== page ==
When re/writing makes you bored

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Some days when you write the words appear dull, the message unoriginal, the work turgid. You just don’t feel it. This might be your mood, but when I find myself regularly bored with my writing, I know something is wrong.

Here are some ideas on how to write yourself out of your boredom and shift (back) into creative brilliance:

  1. Write for YOU! Don’t write for others—what you think you should be writing, what you believe the market wants, what your family says, what your upbringing dictates. Writing must be authentic to be good. Writing is hard enough let alone when you’re pretending to be someone or something you’re not. This can make you feel vulnerable, but it’s only writing. See where it takes you.
  2. What are you really trying to say? Write in stages until you discover what this is. Sometimes I get caught up in the technical stuff or what my head tells me etc.. This has value. But when I’m done with all of that, I get annoyed and ask myself what it is I’m really trying to say and write with all of me. This is when I surprise myself. This is what kindles my fire.
  3. Noun and verbs are the key to lively sentences that carry the reader onwards. They’re the central elements in creating action and movement. Choose powerful and evocative ones. Rather than writing The cat sat on the hat say The tabby crushed the fedora.
  4. Cut out the crap. This means the superfluous adjectives and adverbs, the things you’ve already said in a different way, word repetition, anything that’s not central to or doesn’t advance your plot (kill your darlings), sentences that tell the reader what you’ve already led them towards knowing (patronising, ick).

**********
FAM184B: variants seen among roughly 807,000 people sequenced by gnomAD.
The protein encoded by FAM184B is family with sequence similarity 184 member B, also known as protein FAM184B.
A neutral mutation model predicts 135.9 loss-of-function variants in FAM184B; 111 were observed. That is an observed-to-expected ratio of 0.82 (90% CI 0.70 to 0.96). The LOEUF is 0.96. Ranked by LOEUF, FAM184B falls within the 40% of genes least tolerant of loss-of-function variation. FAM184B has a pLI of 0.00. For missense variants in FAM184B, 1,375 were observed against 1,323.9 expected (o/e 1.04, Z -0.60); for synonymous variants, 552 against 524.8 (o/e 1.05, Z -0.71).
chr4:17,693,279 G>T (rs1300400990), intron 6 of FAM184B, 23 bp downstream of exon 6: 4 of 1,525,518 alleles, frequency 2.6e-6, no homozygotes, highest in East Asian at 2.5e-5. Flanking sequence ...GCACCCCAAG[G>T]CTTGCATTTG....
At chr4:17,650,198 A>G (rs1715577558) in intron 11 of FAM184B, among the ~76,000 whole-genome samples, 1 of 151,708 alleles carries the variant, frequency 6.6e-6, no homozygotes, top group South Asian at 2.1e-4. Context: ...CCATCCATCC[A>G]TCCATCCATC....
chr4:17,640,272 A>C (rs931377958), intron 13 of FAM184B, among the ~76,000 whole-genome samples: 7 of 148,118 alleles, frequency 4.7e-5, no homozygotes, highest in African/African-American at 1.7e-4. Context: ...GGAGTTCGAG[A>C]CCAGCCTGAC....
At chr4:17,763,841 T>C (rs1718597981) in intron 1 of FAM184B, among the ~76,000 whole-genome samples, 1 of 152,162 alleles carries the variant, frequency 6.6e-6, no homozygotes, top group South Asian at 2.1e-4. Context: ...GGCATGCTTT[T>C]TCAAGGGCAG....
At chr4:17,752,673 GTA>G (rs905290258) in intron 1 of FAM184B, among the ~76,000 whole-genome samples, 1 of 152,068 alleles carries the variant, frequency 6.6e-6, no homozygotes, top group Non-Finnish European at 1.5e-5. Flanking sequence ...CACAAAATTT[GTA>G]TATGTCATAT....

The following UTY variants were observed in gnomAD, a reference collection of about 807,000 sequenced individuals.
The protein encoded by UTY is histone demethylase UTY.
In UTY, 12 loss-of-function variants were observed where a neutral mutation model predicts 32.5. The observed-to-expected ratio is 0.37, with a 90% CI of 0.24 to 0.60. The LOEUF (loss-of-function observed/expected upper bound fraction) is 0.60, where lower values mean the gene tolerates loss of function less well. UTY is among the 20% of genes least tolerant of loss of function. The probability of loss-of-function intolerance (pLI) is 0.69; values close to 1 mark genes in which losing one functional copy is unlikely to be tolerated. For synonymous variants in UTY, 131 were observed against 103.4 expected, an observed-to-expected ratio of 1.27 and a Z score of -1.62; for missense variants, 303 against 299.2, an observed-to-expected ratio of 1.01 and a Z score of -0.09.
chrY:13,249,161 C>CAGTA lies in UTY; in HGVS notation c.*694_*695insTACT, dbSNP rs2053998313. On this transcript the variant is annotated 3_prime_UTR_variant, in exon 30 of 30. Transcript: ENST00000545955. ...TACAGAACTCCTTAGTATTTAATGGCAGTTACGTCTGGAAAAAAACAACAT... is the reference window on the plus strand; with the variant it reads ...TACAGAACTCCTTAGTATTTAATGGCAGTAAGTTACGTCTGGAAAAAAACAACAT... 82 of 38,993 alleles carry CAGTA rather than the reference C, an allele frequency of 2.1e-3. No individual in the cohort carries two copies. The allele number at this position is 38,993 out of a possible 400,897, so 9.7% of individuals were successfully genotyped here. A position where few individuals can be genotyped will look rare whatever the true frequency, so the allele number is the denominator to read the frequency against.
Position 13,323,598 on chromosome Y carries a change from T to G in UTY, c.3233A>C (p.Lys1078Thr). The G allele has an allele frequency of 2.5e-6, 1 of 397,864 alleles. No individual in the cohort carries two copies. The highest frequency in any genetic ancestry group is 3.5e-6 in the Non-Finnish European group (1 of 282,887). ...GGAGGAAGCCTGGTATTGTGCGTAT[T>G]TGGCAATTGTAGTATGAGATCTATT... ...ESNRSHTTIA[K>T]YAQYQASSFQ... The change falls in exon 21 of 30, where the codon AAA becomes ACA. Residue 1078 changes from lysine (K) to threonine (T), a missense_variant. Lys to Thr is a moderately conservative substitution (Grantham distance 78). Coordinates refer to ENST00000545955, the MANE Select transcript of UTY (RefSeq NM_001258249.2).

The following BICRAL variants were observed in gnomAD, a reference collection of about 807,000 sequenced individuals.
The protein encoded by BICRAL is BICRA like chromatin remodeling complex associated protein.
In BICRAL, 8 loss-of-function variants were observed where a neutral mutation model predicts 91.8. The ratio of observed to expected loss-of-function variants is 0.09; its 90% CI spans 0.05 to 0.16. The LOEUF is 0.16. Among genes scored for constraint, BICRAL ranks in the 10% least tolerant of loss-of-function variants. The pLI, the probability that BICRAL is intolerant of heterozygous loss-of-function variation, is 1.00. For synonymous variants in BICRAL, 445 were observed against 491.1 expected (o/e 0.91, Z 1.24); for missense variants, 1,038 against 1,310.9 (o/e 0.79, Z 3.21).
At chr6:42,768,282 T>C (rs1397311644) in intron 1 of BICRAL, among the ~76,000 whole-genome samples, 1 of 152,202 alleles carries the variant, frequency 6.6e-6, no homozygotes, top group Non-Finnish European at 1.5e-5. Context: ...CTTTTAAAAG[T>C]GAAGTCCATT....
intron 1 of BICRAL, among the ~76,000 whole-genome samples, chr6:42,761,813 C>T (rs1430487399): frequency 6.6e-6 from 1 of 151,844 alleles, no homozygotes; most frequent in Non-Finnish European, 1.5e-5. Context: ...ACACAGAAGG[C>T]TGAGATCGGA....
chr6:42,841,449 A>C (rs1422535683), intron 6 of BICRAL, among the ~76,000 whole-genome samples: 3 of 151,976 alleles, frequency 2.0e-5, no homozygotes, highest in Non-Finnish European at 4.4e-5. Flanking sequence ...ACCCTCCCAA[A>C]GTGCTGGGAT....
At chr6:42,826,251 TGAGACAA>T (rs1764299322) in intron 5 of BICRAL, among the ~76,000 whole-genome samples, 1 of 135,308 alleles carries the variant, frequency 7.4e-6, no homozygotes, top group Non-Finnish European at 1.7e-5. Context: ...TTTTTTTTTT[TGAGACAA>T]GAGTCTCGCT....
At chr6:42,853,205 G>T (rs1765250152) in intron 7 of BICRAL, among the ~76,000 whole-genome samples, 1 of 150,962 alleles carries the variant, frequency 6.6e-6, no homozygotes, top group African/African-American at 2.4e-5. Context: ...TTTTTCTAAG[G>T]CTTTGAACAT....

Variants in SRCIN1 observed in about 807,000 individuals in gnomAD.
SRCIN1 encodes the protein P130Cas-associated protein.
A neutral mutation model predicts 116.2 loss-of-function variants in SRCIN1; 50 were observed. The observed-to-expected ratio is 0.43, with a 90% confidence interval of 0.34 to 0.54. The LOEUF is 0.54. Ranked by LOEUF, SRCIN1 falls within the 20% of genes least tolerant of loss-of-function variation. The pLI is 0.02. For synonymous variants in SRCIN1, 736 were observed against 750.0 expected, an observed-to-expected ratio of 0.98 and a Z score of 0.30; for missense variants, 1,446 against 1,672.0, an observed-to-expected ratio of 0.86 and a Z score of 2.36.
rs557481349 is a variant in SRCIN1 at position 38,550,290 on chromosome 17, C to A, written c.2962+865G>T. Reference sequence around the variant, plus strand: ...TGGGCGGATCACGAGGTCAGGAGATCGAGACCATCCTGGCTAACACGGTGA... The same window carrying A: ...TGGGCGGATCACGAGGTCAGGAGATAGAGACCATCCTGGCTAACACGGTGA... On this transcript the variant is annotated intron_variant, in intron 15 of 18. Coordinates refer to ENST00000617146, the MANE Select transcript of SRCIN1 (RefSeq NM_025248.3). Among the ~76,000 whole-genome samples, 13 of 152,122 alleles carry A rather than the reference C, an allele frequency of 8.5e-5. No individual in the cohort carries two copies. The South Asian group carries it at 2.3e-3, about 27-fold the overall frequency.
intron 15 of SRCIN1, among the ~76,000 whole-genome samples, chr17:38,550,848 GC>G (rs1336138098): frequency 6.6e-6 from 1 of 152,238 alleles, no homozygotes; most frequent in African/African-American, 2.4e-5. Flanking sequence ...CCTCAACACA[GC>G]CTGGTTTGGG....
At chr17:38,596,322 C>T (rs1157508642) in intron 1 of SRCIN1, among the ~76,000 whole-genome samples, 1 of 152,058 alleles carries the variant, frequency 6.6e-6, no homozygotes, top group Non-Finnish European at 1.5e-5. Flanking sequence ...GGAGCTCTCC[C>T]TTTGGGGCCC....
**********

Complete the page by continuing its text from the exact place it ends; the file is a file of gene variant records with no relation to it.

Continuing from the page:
5. Space out description and back story. Rather than having great chunks of these, eke them out in bits (up to three lines) as your characters take action. That way you’re not taking readers out of the story. Also, ensure you begin your chapters with exposition (action or showing) or timely narrative (informative telling).
  6. Consider structure. This is a huge topic covering setting, plot, theme and more. Each story, and indeed chapter and section, should have a beginning, rising action, climax, falling action, and resolution (of sorts). If your beginning is short and sharp, your middle bloated and ending sudden, your structure needs adjusting. Get the first draft done and adjust. Write tables or chapter summaries, anything that gives you perspective .
  7. Are you allowing your characters to be authentic, or are you telling them who they should be? Sometimes characters surprise you or go rogue or want to leave your story. Authentic writing fosters real characters. Listen to them. They’re not boring, or if they are, they’re meant to be.

Happy writing over the holidays. See you in 2018!

 

 

 

 

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